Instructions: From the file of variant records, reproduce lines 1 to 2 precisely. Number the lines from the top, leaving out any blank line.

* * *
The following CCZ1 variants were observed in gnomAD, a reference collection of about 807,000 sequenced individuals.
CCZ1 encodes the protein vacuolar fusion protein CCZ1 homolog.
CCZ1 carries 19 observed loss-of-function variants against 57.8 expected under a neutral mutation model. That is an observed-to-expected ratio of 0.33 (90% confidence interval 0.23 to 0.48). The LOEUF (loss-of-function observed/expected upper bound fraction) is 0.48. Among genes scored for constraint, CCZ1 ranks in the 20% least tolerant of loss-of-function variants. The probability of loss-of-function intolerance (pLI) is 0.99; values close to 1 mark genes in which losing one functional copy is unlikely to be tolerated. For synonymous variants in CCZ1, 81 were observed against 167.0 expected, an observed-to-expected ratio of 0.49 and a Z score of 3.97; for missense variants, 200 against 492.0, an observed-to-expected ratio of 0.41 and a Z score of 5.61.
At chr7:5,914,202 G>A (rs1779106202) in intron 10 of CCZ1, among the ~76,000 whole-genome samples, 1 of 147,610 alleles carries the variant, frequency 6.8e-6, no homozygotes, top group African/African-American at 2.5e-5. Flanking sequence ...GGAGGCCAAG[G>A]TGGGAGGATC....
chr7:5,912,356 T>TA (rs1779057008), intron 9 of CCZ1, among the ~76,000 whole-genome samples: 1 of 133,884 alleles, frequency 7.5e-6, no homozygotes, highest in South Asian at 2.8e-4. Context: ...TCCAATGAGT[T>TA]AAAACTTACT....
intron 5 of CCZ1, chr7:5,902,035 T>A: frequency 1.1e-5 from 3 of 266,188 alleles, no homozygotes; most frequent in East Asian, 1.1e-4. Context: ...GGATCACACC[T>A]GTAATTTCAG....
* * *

The following CCZ1 variants were observed in gnomAD, a reference collection of about 807,000 sequenced individuals.
CCZ1 encodes the protein vacuolar fusion protein CCZ1 homolog.